Will Wilson is a former GOVERNING correspondent.E-mail: email@example.com
States were already facing big revenue hits before Wall Street started to melt down. The fall of AIG might portend regulatory effects on states as well.
Four members of Congress (two Dem, two GOP; two Sen., two Rep.) have suggested that the federal government $85 billion bailout of AIG means it is high time to allow the feds to regulate the insurance industry. From Stateline:
U.S. Sens. John Sununu (R-N.H.) and Tim Johnson (D-N.D.) and U.S. Reps. Melissa Bean (D-Ill.) and Ed Royce (R-Calif.)...propose that insurance companies have the option to choose a federal or state regulator. The proposal has split the insurance industry; large companies generally endorse it while small insurers generally oppose it.
Without such a change, the four lawmakers warned, "it is likely that the federal government (ie. the American taxpayers) will be forced to pay for more bailouts in the future." They argued that the bailout of AIG, a holding company with 71 subsidiaries that operate under state laws, shows the oversight job has become too complex for states alone.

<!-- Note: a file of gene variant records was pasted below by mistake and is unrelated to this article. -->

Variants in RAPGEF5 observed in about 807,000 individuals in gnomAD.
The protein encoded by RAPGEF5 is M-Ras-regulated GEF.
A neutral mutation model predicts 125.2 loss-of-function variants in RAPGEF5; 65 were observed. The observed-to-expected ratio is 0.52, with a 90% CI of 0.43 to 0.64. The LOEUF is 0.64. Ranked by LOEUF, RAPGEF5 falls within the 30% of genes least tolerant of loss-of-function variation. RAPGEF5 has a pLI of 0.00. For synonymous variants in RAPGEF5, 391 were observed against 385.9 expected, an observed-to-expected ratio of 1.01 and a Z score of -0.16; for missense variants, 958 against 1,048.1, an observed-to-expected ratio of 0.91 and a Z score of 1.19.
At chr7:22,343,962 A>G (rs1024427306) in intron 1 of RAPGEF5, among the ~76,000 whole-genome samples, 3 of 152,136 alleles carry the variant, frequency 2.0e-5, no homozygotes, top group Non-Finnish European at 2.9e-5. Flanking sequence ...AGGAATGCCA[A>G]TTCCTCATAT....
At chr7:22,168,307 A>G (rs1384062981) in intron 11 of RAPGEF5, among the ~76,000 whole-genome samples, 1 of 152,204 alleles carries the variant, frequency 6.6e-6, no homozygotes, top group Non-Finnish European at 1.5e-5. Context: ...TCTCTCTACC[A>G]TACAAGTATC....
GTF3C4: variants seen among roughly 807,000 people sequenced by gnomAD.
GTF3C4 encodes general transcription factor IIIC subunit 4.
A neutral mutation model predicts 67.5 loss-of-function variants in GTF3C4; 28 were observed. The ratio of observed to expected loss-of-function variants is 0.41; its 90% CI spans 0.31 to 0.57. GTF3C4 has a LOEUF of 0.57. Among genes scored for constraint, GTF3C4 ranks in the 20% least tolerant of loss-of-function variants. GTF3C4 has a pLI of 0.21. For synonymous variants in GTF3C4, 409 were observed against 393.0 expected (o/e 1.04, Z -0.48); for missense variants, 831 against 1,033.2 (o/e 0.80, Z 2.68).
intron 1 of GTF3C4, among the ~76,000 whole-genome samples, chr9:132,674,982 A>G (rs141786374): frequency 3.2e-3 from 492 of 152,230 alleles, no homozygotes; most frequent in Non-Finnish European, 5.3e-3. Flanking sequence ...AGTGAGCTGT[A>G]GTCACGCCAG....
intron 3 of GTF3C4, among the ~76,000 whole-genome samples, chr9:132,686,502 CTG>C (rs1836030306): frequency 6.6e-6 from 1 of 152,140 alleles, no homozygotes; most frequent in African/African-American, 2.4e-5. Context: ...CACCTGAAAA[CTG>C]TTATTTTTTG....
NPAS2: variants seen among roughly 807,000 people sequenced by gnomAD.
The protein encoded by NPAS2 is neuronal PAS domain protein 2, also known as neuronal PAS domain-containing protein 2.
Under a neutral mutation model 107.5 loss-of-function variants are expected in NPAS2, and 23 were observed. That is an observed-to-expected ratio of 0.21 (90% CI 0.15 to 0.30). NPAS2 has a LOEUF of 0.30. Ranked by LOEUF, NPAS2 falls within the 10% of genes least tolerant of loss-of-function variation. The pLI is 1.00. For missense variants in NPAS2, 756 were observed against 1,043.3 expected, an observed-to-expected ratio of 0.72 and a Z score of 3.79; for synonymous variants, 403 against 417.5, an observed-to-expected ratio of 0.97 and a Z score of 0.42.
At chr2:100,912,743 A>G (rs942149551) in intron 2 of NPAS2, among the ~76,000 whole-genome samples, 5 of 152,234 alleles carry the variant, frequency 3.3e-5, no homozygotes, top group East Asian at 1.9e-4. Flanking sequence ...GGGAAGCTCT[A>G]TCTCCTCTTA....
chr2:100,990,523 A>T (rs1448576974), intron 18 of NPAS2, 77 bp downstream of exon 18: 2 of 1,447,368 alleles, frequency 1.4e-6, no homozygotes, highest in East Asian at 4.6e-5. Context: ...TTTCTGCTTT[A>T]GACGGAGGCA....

Not surprisingly, state insurance commissioners disagree:
State insurance officials accuse the lawmakers of exploiting the financial crisis to drum up support for their bill, which was introduced long before the problems on Wall Street. They say AIG's 71 insurance companies under their supervision are the healthiest part of the company's finances and were a key reason that the Federal Reserve Board approved the bailout of the company in the first place. Those insurance companies are likely to be sold to raise the money needed to pay off the loan.
'What got the Fed in the end to make this loan was the value of the insurance (company) assets,' Ario said. 'The real story is, state regulation shined.'
This is unlikely to be the only shoe to drop in terms of non-economic impact on states of the financial meltdown.
Written and compiled by staff writers and editors, GOVERNING View is an on-the-ground, and sometimes behind-the-scenes, look at the topics we're covering in print and online. From notes on what's up in statehouses, county courthouses and city halls, to encounters with people, places and things, GOVERNING View is a window into the side of state and local government you don't always see.